Salem Village, Massachusetts Is The Home Of A Puritan Community With A Strict Moral Code

Salem Village, Massachusetts Is The Home Of A Puritan Community With A Strict Moral Code

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Salem Village, Massachusetts was the home of a Puritan community with a strict moral code through 1691. No one could have ever anticipated the unexplainable events that were to ambush the community’s stability. The crisis that took place in Salem in 1962 still remains a mystery, but the accusations made by the young girls could be a result of ergot poisoning or the need for social power; this leads the people of Salem to succumb to the genuine fear of witchcraft.
Trials regarding the witchcraft began at the dawn of 1692, after a group of young girls in Salem Village, Massachusetts, were said to be bewitched. Salem, a village that homes nearly 2,000 people, was surrounded by paranoia. Inhabitants were confined to their home during the winter due to the inconceivably prolonged and jarring snow seasons. Puritans (the principle religion in Salem) believed the Native Americans who lived in the vast forest surrounding Salem represented the devil and were only out to destroy them. Few people who had left Salem only returned to share their alarming encounters with the Native Americans, thus creating more dismay.
In January 1692, 11-year-old Abigail Williams and 9-year-old Elizabeth Parris (the niece and daughter of Samuel Parris who was the minister of Salem Village) began having tantrums, including vicious contortions and disorderly outbursts of wailing. In a panicked frenzy, the family quickly invited the village doctor, William Griggs, into their home where he diagnosed the girls with bewitchment. Stricken with fear of being viewed as a witch themselves, the girls accused Tituba, a Caribbean slave, along with the homeless mendicant Sarah Good and the penniless, elderly Sarah Osborn; the arrest warrants were issued in late February...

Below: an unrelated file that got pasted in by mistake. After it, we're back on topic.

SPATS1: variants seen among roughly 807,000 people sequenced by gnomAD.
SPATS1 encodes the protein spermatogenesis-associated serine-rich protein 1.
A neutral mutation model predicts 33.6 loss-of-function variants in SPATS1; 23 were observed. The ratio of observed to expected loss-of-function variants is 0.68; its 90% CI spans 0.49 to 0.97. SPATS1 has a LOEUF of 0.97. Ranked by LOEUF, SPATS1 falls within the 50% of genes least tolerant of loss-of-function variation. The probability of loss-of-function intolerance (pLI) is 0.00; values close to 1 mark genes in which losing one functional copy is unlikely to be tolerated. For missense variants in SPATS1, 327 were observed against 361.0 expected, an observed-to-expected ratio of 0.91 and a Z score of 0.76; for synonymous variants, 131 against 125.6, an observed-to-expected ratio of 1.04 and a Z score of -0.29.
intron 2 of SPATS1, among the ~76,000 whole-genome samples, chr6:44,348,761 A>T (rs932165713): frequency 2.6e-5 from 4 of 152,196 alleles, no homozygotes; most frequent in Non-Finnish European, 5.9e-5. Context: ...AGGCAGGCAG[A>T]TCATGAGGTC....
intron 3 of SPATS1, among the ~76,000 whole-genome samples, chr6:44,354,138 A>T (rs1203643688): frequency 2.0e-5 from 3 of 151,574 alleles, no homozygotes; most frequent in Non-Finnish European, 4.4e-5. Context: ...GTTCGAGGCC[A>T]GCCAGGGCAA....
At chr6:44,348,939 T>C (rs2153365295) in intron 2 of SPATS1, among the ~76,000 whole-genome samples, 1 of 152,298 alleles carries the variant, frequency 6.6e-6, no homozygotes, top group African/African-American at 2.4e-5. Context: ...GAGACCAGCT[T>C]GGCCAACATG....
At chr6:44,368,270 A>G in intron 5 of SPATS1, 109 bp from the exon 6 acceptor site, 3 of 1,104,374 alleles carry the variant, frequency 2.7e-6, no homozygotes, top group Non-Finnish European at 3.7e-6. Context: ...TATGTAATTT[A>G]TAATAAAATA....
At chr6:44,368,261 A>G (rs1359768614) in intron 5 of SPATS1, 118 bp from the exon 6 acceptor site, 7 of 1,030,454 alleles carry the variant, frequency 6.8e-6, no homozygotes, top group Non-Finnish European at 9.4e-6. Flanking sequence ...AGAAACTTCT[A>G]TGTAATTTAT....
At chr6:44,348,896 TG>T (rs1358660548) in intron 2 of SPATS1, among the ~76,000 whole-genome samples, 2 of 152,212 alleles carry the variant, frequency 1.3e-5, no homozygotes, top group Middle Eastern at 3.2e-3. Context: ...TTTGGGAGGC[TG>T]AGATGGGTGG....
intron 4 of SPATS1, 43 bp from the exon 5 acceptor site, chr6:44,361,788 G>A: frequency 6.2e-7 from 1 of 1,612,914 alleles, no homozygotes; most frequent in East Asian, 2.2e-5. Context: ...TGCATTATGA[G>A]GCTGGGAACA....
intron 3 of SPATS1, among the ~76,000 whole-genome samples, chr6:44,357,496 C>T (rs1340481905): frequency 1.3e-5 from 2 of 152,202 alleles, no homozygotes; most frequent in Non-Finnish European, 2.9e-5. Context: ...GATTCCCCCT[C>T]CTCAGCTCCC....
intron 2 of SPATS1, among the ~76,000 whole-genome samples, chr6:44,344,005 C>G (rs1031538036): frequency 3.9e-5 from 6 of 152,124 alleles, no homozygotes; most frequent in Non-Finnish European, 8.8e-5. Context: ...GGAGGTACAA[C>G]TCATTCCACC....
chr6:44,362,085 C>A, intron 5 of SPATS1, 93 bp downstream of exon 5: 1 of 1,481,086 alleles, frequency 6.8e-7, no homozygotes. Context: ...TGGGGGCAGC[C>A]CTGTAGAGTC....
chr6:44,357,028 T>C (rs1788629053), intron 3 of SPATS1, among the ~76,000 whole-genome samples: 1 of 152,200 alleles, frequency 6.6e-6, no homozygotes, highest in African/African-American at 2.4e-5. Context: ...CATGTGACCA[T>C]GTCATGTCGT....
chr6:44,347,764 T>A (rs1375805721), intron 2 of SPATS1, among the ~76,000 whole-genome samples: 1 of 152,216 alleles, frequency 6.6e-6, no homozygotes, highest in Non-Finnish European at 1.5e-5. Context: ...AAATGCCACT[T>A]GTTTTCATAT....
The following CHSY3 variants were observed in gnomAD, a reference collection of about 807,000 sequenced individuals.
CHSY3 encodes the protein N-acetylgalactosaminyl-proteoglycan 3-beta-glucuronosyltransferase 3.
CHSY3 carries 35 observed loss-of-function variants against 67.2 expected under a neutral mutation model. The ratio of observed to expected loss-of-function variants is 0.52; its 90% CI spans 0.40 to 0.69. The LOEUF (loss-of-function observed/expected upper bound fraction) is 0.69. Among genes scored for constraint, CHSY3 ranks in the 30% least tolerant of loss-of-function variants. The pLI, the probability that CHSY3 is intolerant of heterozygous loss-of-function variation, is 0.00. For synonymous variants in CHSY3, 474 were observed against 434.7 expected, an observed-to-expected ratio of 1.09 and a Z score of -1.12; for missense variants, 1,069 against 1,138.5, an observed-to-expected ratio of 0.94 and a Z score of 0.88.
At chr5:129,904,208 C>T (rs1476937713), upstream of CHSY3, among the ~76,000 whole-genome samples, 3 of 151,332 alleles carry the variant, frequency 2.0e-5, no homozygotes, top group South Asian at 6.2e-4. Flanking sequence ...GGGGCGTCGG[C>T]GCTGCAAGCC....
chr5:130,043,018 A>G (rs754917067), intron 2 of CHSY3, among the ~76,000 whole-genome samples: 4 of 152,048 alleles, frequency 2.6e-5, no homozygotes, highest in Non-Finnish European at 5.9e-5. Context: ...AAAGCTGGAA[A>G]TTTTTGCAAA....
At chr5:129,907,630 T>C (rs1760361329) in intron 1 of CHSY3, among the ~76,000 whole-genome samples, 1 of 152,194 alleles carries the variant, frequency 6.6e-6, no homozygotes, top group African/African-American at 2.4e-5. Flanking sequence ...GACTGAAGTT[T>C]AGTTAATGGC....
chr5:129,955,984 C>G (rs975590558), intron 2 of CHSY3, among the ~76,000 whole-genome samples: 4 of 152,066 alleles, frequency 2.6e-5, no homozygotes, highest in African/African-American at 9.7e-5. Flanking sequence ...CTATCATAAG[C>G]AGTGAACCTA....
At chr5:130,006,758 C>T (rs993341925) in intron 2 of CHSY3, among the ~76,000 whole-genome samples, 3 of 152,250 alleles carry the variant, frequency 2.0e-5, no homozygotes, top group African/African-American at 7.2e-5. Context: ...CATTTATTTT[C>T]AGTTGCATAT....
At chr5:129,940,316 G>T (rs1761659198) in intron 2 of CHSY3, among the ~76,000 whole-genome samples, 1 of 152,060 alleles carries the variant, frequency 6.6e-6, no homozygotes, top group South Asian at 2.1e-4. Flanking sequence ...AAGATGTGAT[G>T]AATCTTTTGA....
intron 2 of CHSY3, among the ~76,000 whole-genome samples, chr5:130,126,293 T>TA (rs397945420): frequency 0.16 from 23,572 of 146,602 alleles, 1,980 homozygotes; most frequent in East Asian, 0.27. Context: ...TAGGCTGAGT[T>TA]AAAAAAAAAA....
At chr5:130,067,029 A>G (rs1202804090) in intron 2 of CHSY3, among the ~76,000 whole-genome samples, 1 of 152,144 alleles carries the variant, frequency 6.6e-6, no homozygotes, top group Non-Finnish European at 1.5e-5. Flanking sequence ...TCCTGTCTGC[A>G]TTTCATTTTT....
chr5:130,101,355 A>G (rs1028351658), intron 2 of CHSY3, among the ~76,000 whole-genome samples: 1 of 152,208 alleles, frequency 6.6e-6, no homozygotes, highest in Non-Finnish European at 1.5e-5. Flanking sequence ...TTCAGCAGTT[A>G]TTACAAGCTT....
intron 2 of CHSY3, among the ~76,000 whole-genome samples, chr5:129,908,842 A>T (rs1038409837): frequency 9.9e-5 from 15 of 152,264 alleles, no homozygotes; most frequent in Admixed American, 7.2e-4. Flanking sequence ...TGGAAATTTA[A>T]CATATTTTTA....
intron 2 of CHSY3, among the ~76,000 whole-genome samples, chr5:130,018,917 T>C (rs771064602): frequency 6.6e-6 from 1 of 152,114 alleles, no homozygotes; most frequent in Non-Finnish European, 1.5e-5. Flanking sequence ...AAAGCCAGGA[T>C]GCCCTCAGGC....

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...They accused people and saw that their accusations held great power so they kept doing it for two reasons. The first is because they were in too deep to turn back and tell everyone they were lying and the second is that they were acting in their own self-interest (another characteristic of realism). This society was also suffering because they had a security dilemma. They felt unsafe from the Native Americans that lived in the woods and they felt that the natives had a power/weapon that they didn’t possess—the power of Satan. Some scholars could even argue that the Salem Witch Trials were a violation of human rights to those were murdered because they were not killed under reasonable circumstances. Many international scholars have different thoughts of the international system on why it happened. The Salem Witch Trials were an awful part of history in Massachusetts.

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